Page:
Another cool aspect of Unity3D is it can be embedded in a browser. Below is the static representation of what I created showing a view looking north through the river valley. Eventually I can add the capability for someone to travel through this model of my city with an avatar.

[WP_UnityObject src="" /]


Civic Forum Launch

Starting today at 4pm SLT (PST), I will host a Civic Forum on Public Works island. This forum is intended to be an informal and open discussion about city government. So bring along your ideas, questions, concerns and teleport over to Public Works. Below is a little more background information on why I feel hosting and participating in a discussion like this is important:

Working for city government, it doesn’t take you long to realize that a significant portion of your day is spent helping people understand how city government actually works. Not that I mind doing this – it helps me meet the people in my community, and I do enjoy helping people. But sometimes I think that I could help them more if I could use the time instead to finish the projects that we are working on to make our community a great place in which to live. Particularly when their questions are general ones that could be answered by just about anyone with any background in government. Not something complicated or specific to our town. If only there were some better way to engage the public and inform them.

Not too long after starting my job as city engineer, I began to try to think of some way to push out knowledge about city government to the general public to help minimize the amount of time I spend each day educating people about city government. At the time, I thought perhaps having high schools incorporate this into their classes would help, but standardizing that and making sure it is taught uniformly across all schools is difficult, and I know schools already struggle to fit in all the required and mandated educational goals. So I pushed the idea back to simmer with all the others I seem to come up with.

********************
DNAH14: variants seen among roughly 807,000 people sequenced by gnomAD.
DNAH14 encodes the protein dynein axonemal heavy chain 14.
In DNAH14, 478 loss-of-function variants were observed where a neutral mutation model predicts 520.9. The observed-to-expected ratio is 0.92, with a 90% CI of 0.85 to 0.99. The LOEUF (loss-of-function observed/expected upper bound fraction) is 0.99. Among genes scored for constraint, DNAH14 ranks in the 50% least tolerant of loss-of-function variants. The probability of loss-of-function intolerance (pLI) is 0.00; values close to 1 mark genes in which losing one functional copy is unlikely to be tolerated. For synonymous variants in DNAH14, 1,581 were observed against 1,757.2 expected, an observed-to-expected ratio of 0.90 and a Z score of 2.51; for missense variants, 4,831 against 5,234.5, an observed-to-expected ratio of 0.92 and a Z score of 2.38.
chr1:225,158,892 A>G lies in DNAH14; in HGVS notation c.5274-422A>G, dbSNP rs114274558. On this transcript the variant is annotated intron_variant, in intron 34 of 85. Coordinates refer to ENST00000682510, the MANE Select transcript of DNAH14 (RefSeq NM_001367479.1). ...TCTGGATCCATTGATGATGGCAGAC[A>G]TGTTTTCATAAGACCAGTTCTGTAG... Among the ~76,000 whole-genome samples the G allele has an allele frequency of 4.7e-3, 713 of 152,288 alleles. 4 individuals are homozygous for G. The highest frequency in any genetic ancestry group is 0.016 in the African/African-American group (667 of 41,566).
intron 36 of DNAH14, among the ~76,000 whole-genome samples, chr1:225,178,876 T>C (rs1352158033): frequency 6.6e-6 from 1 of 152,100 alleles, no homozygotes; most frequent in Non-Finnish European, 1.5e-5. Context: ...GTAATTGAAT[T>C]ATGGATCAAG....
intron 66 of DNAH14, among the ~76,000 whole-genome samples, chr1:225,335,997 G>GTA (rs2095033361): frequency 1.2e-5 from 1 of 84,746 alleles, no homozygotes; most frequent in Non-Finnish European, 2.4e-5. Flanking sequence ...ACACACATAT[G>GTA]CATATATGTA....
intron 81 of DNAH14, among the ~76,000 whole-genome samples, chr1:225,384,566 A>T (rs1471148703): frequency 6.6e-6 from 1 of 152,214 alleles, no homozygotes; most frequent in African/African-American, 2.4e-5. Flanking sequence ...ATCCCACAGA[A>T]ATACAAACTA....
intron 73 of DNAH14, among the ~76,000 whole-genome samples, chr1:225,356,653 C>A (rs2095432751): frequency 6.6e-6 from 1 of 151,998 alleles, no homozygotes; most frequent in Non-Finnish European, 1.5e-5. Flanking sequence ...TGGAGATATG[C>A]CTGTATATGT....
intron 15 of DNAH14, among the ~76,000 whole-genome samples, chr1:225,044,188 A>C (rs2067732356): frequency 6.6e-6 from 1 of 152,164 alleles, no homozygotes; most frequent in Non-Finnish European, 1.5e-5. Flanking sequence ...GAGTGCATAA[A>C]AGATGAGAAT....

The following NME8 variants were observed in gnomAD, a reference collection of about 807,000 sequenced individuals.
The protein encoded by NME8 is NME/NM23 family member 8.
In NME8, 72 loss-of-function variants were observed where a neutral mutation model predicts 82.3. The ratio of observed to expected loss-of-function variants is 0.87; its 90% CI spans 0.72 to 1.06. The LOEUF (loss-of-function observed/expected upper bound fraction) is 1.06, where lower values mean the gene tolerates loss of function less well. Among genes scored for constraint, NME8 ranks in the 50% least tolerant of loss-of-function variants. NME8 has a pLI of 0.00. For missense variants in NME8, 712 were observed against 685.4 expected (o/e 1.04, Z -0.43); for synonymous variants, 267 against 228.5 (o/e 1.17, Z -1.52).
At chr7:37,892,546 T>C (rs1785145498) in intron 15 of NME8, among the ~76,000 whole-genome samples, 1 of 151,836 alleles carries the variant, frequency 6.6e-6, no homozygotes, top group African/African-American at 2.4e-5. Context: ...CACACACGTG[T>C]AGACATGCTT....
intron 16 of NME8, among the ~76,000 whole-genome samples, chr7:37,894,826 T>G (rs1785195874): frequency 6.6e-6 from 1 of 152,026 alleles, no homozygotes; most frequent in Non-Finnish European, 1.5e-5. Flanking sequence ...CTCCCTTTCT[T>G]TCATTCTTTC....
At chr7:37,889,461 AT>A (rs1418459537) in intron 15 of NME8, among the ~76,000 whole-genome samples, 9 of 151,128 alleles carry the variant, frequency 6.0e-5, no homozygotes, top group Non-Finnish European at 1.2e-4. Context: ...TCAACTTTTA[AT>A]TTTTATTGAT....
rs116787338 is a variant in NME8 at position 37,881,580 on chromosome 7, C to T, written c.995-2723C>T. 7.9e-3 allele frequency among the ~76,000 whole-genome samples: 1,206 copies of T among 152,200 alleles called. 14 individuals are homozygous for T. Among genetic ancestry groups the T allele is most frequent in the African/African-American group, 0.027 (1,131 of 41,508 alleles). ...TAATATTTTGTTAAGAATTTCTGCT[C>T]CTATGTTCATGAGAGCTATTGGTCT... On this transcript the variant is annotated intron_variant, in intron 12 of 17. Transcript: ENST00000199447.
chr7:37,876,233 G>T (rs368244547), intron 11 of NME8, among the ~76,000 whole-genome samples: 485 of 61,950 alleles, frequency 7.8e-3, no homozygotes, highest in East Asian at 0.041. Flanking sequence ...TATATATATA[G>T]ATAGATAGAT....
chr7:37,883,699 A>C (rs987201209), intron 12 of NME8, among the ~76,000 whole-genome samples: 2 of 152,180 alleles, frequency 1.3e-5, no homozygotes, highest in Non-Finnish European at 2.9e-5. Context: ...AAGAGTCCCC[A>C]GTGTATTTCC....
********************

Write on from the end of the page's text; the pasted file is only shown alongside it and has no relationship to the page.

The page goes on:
But in the back of my mind, I kept thinking about all those people out there who have questions about how their city works, and maybe don’t have the time to visit or contact their city hall or maybe are a little intimidated about doing so. Also, I realize there are a lot of people in certain professions like realtors, contractors, developers, etc., who also have questions but maybe cannot get them answered from their own city due to many reasons like lack of staff, or perhaps not knowing the right questions to ask. They also have some ideas about how we can better serve up government. Other people might need to address some issue with city hall but just don’t know the best way to approach their city officials.

Now along comes Second Life, and I see a platform that can be used to educate, inform, interact, collaborate, and communicate with people regardless of geographic boundaries or distances. In Second Life we can meet and either help each other find the answers to questions – with the added benefit of being able to do so on our own schedule and anonymously if we so desire. People also have the chance to take advantage of a collective knowledge held by the large number of residents. There is a large group of government professionals and experts already in Second Life. And everyone in Second Life lives in a real life community somewhere. So the Civic Forum has been launched to try to see if Second Life can be used to help facilitate engagement between government workers/officials/experts and the general public.

Although my experience is U.S. based, this type of forum offers the opportunity to involve other government professionals from other countries. This not only would help serve people from across the globe, but would help those of us working in government share ideas and concerns because even though we may be in different countries, in the end, at the local level, we share many of the same issues and concerns. Can you imagine if someday we could have a central location in a virtual world to which anyone could go to get their government-related questions answered? Anytime from anyplace? Now that is serving the public!